Though rudimentary, I think such games are very useful for beginners, and even as reminders sometimes for experienced players. A game such as this has more good teaching info in it than, say, Ding Liren’s win over Caruana when Fabi forgot his home analysis at move 16…

I would also add that the move … Nc6 in queen’s pawn openings is a real bugaboo for most beginners. Even though this move is often justifiable (as is Nc3 for White in 1 d4 openings), I’ve taken to the statistical approach and simply tell my students “don’t do this!” Besides the reasons you give, I also make explicit the need in QP openings for the Black c-pawn to be mobile, whether to support the center with … c6 (as you state), attack the center with … c5, or even to give the Black queen some “room to move.”

May all your future 49 (or 45) game posts be as instructive as this one!


Mary Kuhner September 3, 2020 at 4:10 pm

I am currently coaching two elementary school kids (via Zoom) and they definitely feel that looking at games by beginners is useful, perhaps more useful than looking at better games. They can understand why the players’ mistakes were mistakes, and that encourages them. They can find improvements whose superiority is fairly easy to establish, too.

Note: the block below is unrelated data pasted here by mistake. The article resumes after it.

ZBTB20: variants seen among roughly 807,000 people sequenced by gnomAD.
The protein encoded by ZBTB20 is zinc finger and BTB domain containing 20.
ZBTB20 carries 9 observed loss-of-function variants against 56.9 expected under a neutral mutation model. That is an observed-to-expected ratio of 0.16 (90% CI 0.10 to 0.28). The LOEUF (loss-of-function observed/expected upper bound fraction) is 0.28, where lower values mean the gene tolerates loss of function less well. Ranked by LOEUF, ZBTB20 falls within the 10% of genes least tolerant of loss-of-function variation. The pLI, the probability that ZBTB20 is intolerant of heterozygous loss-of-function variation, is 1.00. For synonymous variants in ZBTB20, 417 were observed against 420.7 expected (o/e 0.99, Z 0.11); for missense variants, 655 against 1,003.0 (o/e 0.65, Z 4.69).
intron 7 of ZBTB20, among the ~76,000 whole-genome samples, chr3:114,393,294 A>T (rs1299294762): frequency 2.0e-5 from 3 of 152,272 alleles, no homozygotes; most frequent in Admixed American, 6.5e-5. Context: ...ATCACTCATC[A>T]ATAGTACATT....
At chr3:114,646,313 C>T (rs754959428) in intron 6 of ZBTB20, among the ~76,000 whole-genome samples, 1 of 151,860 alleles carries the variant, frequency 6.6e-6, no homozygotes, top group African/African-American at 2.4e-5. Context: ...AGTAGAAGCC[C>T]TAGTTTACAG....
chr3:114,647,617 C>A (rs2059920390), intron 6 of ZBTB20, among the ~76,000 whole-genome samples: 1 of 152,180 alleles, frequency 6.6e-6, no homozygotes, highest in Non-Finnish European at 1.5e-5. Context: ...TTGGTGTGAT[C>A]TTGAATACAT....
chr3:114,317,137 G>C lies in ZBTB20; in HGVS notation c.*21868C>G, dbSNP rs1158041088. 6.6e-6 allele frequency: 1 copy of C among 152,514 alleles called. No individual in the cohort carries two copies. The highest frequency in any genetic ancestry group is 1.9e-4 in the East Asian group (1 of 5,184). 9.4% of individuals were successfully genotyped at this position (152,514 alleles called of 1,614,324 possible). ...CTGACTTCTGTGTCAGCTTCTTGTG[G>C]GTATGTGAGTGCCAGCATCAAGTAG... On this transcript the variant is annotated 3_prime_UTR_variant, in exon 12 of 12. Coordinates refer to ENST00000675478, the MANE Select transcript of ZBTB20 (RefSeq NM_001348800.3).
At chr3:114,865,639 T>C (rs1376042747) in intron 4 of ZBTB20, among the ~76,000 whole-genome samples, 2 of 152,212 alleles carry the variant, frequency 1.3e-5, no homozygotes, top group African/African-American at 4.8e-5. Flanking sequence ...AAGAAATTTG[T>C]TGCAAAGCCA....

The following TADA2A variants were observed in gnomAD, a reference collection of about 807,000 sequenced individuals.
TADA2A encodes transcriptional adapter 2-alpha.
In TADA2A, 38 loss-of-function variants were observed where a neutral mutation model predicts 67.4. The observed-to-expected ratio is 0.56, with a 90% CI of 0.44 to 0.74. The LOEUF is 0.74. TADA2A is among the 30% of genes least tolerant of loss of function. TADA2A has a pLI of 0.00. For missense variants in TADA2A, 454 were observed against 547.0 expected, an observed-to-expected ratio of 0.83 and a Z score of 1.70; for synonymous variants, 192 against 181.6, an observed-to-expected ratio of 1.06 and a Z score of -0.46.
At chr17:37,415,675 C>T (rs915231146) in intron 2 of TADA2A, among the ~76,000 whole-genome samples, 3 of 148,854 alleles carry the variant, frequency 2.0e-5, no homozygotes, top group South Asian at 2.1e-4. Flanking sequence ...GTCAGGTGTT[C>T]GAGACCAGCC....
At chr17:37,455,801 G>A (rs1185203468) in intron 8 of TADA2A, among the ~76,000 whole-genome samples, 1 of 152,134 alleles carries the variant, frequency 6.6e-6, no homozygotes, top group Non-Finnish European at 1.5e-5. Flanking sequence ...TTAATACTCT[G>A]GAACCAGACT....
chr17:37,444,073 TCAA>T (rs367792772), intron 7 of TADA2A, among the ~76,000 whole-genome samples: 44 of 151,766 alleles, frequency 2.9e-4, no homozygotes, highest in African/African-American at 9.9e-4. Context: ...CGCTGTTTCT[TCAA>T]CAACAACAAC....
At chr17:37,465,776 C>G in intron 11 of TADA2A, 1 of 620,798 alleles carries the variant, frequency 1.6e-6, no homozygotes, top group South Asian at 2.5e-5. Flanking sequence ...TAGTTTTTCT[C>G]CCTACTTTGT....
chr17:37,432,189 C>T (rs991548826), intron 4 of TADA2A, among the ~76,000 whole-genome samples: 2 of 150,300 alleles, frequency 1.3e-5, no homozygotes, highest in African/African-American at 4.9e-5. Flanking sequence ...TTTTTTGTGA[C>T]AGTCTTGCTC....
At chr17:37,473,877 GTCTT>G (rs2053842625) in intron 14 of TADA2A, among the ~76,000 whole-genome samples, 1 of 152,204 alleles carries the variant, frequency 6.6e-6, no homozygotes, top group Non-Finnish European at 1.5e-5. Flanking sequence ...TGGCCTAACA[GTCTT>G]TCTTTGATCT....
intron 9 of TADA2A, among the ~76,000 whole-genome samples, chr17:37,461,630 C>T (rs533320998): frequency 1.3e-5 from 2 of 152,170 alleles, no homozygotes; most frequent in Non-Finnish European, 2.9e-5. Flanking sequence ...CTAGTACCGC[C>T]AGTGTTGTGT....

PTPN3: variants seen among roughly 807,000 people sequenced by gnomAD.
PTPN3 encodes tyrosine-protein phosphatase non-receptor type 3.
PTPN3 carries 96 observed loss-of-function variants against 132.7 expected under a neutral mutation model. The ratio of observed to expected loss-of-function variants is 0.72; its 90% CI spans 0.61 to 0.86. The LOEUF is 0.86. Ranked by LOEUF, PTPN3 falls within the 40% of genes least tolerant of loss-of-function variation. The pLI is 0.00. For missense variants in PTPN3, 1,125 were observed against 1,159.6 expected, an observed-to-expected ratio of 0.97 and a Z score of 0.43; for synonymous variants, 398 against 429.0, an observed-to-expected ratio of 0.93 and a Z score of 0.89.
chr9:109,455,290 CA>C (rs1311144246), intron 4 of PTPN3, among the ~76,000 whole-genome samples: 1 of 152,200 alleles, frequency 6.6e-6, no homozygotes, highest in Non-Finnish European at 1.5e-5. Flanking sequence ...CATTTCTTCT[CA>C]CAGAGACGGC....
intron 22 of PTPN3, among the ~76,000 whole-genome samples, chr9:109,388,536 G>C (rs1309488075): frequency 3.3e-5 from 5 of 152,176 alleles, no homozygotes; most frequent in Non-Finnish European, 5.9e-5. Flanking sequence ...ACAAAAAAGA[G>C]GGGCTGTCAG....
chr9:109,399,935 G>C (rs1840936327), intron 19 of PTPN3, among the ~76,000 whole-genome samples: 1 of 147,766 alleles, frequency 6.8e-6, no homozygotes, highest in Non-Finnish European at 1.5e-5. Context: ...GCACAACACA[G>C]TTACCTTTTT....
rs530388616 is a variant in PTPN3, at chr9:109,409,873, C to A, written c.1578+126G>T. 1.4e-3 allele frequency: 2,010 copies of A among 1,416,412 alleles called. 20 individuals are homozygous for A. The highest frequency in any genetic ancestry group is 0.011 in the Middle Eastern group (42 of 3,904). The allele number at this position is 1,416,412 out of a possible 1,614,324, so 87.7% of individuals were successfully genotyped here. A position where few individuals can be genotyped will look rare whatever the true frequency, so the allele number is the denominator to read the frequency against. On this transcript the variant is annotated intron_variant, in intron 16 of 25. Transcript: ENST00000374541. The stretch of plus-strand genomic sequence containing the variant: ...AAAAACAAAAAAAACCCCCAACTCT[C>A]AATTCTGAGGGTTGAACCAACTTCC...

Today we did a master game instead, and while they appreciated the sudden violence of the final combo (and one of them suggested the winning queen sack, though not its motivation) they were puzzled by much of what led up to it. “Neither player is bringing his pieces to the party,” one kid said, “and why isn’t Black castling?” (Black won.)

A study partner (in India–what a weird world we live in!) and I recently played through the first half of Chernev’s _Logical Chess_ and were struck by his choice of very one-sided games. Most current master games are not one-sided like that; the loser was fighting for counterplay all the time. It’s better chess but less instructive in some ways.